I’m writing 100 posts about product development and product management. For this challenge I take weekly cadence, so you can expect a new post every week (or less). This is post #4.
We, as product managers, tend to focus on large cool features. We like to think strategically, do major releases, and announce large cool things. This is a very dangerous path. User experience consists of many small things and many fixed bugs. By ignoring small things we may put our products in danger: poor conversion, poor retention, and poor product loveability. These problems are quite hard to discover. When you ask a customer or a lead, you might hear very generic feedback like “it just feels incomplete” or “I feel irritated quite often”. Such replies are a sign that a product manager ignores small improvements and bug fixes.
Google Docs team struggled with the product. Adoption was not great and they heard similar feedback about unpleasant writing experience. Many many small things here and there that were hard to combine into significant features or problems. They decided to improve and fix hundreds of small things with text editing. When they did that, adoption skyrocketed, since writing experience became good enough. New features would not save them, but many small improvements cumulatively did the trick 🌱.
I hope you are persuaded now that small things should be a part of the product development process, but how to handle them? Let’s dig into various approaches, maybe you will find inspiration below.
Small Items Backlog
First, it should be easy to discover small features/improvements/bugs that developers can take and implement/fix. You may have a special field like the “Small Item” checkbox in Features and just filter the usual backlog. If you estimate effort or duration, you may have an agreement that “small” means everything less than 2 days, or less than 3 points (if you still use points).
“Small” will vary from product to product, so it’s your decision and your process to nail what “small” means for you. The end goal is to have a backlog with just small things. It can be prioritized, but I’d not bother with that. OK, you have this backlog, now what?
One strategy that I really like is to take several small things after the large feature release. For example, you have a team that just released a 2-months-long feature. Now it’s a good time to give the team 1-2 weeks and allow them to take any items from Small Backlog.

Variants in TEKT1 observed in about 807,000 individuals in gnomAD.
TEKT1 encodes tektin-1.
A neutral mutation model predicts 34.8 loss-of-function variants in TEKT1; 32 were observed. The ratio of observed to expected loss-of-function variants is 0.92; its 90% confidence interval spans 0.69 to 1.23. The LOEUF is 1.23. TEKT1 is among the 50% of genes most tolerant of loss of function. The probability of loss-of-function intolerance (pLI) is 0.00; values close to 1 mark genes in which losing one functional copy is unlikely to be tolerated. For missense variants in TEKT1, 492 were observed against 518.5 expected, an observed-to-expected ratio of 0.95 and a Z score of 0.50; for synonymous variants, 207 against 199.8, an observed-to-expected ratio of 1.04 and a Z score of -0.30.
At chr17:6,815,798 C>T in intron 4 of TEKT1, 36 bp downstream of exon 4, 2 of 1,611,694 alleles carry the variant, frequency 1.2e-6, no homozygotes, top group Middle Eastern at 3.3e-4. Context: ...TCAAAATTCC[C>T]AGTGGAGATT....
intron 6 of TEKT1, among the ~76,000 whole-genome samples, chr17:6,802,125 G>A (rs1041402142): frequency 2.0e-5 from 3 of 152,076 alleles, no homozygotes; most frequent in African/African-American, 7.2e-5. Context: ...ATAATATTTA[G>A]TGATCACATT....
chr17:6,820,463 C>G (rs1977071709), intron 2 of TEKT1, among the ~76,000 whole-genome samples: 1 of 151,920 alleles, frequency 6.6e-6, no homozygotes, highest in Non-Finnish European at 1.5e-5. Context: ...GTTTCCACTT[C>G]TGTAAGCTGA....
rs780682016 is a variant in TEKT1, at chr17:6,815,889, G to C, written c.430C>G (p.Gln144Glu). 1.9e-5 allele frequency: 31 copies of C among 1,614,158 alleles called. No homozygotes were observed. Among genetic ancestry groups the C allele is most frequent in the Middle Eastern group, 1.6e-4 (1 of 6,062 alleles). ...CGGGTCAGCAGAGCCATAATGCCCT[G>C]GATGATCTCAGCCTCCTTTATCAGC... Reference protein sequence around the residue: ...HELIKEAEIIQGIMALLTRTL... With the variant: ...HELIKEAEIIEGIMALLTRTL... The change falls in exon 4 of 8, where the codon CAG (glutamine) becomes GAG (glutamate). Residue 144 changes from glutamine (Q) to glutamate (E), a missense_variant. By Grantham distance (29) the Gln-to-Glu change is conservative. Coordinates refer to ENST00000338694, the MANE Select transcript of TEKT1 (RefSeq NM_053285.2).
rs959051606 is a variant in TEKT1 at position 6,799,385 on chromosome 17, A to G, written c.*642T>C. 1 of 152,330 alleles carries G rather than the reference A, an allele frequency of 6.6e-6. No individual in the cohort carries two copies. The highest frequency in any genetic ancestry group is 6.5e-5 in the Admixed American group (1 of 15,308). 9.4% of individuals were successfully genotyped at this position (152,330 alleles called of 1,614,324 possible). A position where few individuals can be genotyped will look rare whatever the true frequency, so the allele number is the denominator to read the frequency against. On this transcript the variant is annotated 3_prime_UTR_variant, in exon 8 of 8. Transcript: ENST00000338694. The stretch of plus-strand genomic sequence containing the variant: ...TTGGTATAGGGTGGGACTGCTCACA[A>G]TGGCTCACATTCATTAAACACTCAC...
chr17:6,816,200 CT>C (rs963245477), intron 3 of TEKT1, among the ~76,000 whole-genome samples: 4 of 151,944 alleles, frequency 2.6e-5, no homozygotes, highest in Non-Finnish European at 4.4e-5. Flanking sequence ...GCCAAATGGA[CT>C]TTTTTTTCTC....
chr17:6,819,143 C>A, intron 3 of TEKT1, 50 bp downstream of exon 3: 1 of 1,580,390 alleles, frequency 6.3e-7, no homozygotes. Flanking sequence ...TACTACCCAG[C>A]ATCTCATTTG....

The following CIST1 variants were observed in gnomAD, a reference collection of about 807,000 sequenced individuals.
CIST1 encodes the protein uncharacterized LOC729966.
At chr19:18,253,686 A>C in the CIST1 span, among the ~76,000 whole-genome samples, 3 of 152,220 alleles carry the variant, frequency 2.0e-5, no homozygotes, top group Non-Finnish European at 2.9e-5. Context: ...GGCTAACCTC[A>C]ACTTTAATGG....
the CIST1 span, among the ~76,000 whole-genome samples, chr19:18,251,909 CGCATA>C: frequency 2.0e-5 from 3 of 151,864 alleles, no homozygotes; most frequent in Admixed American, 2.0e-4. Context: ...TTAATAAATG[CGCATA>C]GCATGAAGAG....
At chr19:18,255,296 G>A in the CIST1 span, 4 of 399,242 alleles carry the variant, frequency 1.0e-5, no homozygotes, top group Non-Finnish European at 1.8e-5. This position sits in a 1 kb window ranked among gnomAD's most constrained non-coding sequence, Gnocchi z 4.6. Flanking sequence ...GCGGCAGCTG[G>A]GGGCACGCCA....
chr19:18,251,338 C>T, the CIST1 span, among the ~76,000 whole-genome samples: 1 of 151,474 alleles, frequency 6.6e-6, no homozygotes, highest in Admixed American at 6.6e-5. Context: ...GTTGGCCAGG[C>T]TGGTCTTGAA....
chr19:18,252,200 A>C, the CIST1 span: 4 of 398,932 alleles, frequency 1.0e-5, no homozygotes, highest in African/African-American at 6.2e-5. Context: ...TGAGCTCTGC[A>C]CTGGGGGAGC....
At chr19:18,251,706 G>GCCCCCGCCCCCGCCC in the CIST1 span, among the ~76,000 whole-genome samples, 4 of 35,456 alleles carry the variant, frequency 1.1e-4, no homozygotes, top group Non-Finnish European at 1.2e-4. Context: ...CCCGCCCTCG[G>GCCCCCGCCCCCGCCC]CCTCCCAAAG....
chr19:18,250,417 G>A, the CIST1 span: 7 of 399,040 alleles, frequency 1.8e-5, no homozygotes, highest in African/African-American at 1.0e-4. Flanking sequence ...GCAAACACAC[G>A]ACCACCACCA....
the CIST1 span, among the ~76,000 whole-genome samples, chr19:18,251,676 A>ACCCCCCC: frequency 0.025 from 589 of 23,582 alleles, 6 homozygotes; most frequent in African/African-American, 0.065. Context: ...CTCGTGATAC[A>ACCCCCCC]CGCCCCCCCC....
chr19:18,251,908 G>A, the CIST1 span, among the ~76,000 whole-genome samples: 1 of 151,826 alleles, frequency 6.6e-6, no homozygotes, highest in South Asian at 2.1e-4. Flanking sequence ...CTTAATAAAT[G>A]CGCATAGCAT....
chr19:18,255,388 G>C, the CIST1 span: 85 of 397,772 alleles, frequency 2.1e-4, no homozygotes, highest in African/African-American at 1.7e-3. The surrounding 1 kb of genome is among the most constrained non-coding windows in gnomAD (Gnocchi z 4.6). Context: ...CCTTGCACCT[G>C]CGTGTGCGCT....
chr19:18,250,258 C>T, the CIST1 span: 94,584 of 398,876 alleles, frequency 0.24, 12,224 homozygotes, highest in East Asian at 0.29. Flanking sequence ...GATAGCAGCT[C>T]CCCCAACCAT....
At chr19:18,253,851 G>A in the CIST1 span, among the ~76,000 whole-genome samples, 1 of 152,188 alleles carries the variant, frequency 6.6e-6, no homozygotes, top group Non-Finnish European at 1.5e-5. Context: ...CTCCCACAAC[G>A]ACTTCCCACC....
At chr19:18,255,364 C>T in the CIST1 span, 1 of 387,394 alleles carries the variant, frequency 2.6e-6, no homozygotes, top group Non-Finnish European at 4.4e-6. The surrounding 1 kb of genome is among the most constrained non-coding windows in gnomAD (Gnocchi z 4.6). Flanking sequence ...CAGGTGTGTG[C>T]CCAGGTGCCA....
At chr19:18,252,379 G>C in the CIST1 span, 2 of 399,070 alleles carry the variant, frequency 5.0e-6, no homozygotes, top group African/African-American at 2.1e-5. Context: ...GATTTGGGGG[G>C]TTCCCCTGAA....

First, the team should relax a little bit after the serious effort. Small features and bugs are usually easier to do than large features, you have to keep fewer things in mind and cognitive load is lower.
Second, freedom of choice is good for team morale and product involvement. Developers can take features they want to implement, bugs they want to fix, a technical debt they want to pay.
Maybe you like iterations/sprints and follow the Scrum process. In this case, you might add Clean-up Sprints. This is the usual Sprint with only one additional rule — only items from Small Backlog are accepted. You can’t add anything large in this Sprint. I know that iterations are quite monotonous and it’s good to spice them up with something new.
What if you’ve accumulated huge piles of small features and bugs? 💩 What to do? You may dedicate more “in-between” time to that or run Clean-up Sprints more often. But you can also have a Subbotnik
All development teams participate in Subbotnik at the same time and implement/fix as many small things as they can. Subbotnik may take 2 days or 1-2 weeks (if you have really huge piles of small items). It should be an unusual event that unites people, improves collaboration, and maybe imposes some kind of competition (like what team will implement more small features or fix more bugs).
The main problem with Subbotnik is synchronization. If you have common sprints for all teams inside a company it will be relatively easy, but if you have kanban-style async development some features may be paused. This is not always a good idea, since context switching is expensive.
We tried Subbotnik twice in my previous company, and it was quite fun. We had a board with all developers’ names and drew how many bugs everyone fixed. As far as I remember, the winner fixed close to 20 bugs in 2 days.
Joel Califa wrote a great article about small improvements they did in GitHub (I really recommend reading it). He calls these improvements Tiny Wins. Tiny Win is a very small change that is very impactful (low effort, huge impact). Here are the main traits of Tiny Win:
- Tiny Wins are standalone.
- Tiny Wins are low effort.
- Tiny Wins are high-impact. They affect things that the majority of users interact with on a regular basis.
- Tiny Wins are often shortcuts. They save a user’s time by getting rid of existing steps — physical or mental — required to perform an action.
Note that not every small feature or bug fix is a Tiny Win. Only high-impact items are. Joel notes that Tiny Wins are hard to discover since users don’t report them. You have to think deeply and analyze frequent usage flows to discover them.
My advice would be to differentiate Small Features and Tiny Wins as well. Tiny Win should have a priority in most cases, since its impact is great, while for any Small Feature it is not the case.
Small improvements are important. Don’t ignore them!